There are feel good stories and then there are ones that give you all-of-the-feels. This one is the latter. It truly needs no introduction other than it is a real life fairytale with a happy ending. An ending that I’m sure many horse owners wish they could be lucky enough to have.
This guest blog post comes from Carla Gaynor. We feel very lucky she chose to share her wonderful story with us and hope you enjoy it as much as we did.
The first stop on the search for my first horse back in October of 2004 was a family horse farm in Connecticut. We were on a budget and went prepared to try a dozen horses that day. Upon leaving I heard my mother tell my trainer that she wouldn’t consider anything young or anything spotted. As we arrived at the sales barn, the most stunning horse I had seen stood on cross ties at the end of the isle. I begged to be able to try him and with much insisting, was granted the opportunity. That day we purchased a green five-year-old black and white paint horse named Tipper and he came home to the farm on October 10, 2004. I was twelve. Tipper hails from Nebraska and is named Tip My Hat after a marking on his left side, which looks like a cowboy reaching up to tip his hat. He’s a petite 15.2 and was untrained upon purchase. I spent the next two years falling off constantly. I was moving up from the Short Stirrups and at the time was a timid rider. The riding field was a good thirty acres from the barn and Tipper frequently took off galloping back to his stall.
Something happened when Tipper turned eight and we just clicked. He took me from the Short Stirrup ring to the Children’s Hunters and then back down to the 2’6” Hunter division. I kept him at my aunt’s farm and rushed home from school every day to take care of him, as it was a private farm and I was responsible for my own horse. Tipper has been there for me through the ups and downs, the wins and the falls, and all throughout middle, high school, and college. We made it to the Hampton Classic twice and placed 9th on Long Island for the 2009 show season. We took a Grand Champion and a Reserve Grand Champion at two different Long Island show series, and Tipper and I constantly placed in the top three in the hack, though he never did completely learn his lead change. (He did learn to land on the correct lead after one or two times around a course though). I brought Tipper up to Western New York my senior year at Hobart and William Smith Colleges and boarded him with my coach, Sarah, in West Bloomfield, NY. At this point in my life I was preparing to move to England to pursue a graduate degree and knew I could not keep Tipper, who I had then owned for nine and a half years. With tears in my eyes, I traveled home for winter break in 2013 as Tipper moved on to his new owner. I did end up living in England for a year, but decided not to study for my masters there. I moved back to the Western NY area in 2015 where I began a master’s program at Syracuse University in Communication & Rhetorical Studies. I was able to ride alumni in my old IHSA region and reconnect with my coaches from my time at HWS.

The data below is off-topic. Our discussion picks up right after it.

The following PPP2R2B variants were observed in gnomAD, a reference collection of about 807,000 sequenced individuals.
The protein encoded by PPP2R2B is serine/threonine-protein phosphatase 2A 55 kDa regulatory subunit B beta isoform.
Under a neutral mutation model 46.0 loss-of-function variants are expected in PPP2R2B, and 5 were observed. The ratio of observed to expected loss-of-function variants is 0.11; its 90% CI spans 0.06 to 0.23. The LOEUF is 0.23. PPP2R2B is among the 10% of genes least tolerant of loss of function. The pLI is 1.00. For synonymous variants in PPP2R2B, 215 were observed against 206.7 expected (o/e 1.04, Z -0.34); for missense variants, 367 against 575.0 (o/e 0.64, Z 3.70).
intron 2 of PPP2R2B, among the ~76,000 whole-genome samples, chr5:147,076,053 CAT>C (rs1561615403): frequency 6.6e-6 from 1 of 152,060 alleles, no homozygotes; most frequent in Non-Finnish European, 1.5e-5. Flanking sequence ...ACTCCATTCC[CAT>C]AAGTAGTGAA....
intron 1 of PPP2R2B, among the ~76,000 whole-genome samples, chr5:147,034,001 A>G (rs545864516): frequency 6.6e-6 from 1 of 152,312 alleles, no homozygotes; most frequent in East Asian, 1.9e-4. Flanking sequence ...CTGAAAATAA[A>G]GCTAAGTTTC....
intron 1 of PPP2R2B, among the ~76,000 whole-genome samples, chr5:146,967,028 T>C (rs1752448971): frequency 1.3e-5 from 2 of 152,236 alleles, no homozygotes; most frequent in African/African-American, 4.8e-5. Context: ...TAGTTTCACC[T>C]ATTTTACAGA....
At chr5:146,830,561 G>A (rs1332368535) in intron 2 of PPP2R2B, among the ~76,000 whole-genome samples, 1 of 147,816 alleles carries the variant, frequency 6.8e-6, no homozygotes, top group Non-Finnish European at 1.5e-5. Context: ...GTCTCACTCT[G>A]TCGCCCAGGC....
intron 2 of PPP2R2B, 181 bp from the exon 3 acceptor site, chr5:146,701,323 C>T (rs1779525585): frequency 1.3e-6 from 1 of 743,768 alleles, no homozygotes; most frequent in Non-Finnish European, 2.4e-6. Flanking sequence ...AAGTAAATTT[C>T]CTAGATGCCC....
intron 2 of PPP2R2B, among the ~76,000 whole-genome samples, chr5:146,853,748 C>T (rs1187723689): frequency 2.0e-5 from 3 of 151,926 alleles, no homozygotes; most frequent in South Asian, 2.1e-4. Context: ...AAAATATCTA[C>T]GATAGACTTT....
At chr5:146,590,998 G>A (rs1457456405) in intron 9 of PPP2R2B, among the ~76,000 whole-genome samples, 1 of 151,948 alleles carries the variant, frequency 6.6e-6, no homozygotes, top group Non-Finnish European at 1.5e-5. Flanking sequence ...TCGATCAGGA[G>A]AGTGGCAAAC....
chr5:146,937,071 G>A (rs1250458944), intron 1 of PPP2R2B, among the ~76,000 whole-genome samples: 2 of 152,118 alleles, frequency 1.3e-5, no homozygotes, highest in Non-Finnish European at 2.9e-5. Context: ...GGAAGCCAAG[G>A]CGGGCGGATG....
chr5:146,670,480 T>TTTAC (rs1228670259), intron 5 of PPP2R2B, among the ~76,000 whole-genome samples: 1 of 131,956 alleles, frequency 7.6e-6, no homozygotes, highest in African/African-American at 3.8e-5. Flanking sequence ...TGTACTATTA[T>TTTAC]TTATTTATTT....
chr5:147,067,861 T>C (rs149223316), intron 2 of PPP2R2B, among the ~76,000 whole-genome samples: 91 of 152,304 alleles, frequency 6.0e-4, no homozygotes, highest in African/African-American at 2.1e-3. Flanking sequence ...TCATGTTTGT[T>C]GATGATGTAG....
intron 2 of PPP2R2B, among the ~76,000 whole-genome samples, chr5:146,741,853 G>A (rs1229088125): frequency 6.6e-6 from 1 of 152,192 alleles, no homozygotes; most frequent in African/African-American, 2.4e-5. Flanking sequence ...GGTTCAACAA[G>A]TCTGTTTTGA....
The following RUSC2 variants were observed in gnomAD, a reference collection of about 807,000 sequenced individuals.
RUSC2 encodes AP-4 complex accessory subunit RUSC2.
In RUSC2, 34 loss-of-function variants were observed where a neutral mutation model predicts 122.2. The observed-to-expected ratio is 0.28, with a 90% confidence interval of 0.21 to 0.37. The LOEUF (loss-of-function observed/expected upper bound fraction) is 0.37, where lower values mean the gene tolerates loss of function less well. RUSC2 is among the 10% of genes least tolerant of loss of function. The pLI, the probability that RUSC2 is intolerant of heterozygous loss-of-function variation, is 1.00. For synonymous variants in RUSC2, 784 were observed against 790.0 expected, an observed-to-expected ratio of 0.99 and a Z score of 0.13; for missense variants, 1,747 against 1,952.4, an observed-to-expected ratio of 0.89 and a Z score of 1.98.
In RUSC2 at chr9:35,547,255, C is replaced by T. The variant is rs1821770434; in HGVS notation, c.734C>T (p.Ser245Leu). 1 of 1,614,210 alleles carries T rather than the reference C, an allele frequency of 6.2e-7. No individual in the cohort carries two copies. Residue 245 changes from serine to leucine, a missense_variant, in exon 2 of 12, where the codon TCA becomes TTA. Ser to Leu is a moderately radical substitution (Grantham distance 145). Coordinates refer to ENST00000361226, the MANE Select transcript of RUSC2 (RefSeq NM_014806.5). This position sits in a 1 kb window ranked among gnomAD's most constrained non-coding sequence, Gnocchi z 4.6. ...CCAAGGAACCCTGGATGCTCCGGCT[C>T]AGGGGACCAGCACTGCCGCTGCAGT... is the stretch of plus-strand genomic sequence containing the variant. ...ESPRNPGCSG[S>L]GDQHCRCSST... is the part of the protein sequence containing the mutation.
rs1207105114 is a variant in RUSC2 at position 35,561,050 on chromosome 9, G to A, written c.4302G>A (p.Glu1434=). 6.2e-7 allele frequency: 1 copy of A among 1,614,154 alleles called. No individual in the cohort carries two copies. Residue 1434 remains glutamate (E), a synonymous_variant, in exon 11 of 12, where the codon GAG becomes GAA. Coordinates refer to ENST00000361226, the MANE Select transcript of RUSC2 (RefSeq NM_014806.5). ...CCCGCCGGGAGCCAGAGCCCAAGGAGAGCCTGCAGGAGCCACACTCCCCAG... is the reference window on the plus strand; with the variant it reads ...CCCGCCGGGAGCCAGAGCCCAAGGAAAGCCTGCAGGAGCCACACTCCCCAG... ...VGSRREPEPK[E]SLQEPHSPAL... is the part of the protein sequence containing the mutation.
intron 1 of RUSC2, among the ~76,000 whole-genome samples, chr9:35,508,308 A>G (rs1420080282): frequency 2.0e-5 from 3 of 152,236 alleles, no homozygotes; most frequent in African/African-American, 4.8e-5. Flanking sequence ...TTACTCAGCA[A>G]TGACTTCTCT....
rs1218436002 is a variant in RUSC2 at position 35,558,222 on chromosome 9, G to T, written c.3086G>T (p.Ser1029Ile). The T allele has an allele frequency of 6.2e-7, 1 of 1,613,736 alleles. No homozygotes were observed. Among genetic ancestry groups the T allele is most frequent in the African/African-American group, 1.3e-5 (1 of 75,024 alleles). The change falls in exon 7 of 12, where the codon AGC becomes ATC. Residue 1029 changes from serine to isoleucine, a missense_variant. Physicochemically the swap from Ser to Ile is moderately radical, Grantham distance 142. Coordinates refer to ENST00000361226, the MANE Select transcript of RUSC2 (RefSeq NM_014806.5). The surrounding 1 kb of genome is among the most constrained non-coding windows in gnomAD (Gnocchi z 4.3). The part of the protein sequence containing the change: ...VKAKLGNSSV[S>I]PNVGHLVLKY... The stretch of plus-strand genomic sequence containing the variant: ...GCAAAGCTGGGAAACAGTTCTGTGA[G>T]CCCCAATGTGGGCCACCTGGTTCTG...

Tipper remained local and I was able to stay in contact with his new owner for three years. Unfortunately, in the summer of 2016 she gave him to a local cow farmer, and subsequently unfriended me on social media and blocked my phone number. It took me a year to track Tipper down, and when I finally went to see him, he looked terrible. Shaggy, muddy, lame, and severely underweight, it killed me to see Tipper in his current situation. I wanted nothing more than to have him back home with me. I offered to buy him back and my request was denied. When his eighteenth birthday passed on April 29th all I could think about were ways to get him back. After three long months, I received a message out of the blue that the family was selling Tipper and I had the first option to buy. I was given 24 hours to decide. That day I transferred the money and my coach went to pick him up, as I have since graduated and work full time in my hometown on Long Island.
Tipper is now enjoying being rehabilitated at my coach’s farm. He’s receiving the best care and I get frequent updates on how he is improving. He has had a bath, been clipped, and had his mane pulled – he’s starting to look like my childhood show horse again. I’m excited to be able to enjoy my time with Tipper for the remainder of his years, and this year marks number fourteen that I’ve known him. We still have many trail rides, adventures and swims ahead of us to experience together. I never thought I’d be making a purchase on an eighteen-year-old horse my first week out of graduate school, but welcoming Tipper back into the family is one of the best feelings in the world. I am so looking forward to having him in my life again.
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